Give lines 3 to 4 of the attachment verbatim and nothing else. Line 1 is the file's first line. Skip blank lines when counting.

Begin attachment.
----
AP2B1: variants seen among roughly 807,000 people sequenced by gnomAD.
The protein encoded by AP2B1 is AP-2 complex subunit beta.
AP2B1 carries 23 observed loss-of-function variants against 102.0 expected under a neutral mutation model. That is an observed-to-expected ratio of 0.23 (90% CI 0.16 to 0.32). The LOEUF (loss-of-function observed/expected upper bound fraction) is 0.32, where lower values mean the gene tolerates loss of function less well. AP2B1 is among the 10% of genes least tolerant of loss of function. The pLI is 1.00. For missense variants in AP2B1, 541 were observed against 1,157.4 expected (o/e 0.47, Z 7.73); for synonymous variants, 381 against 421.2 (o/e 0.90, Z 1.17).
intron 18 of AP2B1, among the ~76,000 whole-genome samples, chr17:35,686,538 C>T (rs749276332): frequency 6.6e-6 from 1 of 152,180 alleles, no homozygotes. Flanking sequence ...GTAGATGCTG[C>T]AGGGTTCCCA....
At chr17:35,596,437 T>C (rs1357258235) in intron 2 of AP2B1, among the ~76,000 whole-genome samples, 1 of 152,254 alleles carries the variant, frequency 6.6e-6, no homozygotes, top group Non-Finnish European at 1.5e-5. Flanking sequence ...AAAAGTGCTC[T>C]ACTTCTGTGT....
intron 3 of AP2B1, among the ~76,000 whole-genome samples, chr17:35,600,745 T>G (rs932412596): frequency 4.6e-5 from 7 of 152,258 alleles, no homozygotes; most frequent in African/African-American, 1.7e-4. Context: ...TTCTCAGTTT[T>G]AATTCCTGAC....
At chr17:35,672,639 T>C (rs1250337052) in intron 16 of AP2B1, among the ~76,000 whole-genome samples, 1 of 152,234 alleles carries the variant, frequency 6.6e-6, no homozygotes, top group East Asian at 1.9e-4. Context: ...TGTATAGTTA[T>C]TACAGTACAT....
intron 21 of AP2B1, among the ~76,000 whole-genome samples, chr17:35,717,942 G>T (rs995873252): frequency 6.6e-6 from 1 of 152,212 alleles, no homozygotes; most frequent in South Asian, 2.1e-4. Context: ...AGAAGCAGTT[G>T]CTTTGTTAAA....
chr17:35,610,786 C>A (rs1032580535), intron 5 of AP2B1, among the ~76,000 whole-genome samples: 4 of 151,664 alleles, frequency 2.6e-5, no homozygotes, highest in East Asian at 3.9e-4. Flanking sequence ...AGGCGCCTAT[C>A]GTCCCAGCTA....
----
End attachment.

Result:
AP2B1 carries 23 observed loss-of-function variants against 102.0 expected under a neutral mutation model. That is an observed-to-expected ratio of 0.23 (90% CI 0.16 to 0.32). The LOEUF (loss-of-function observed/expected upper bound fraction) is 0.32, where lower values mean the gene tolerates loss of function less well. AP2B1 is among the 10% of genes least tolerant of loss of function. The pLI is 1.00. For missense variants in AP2B1, 541 were observed against 1,157.4 expected (o/e 0.47, Z 7.73); for synonymous variants, 381 against 421.2 (o/e 0.90, Z 1.17).
intron 18 of AP2B1, among the ~76,000 whole-genome samples, chr17:35,686,538 C>T (rs749276332): frequency 6.6e-6 from 1 of 152,180 alleles, no homozygotes. Flanking sequence ...GTAGATGCTG[C>T]AGGGTTCCCA....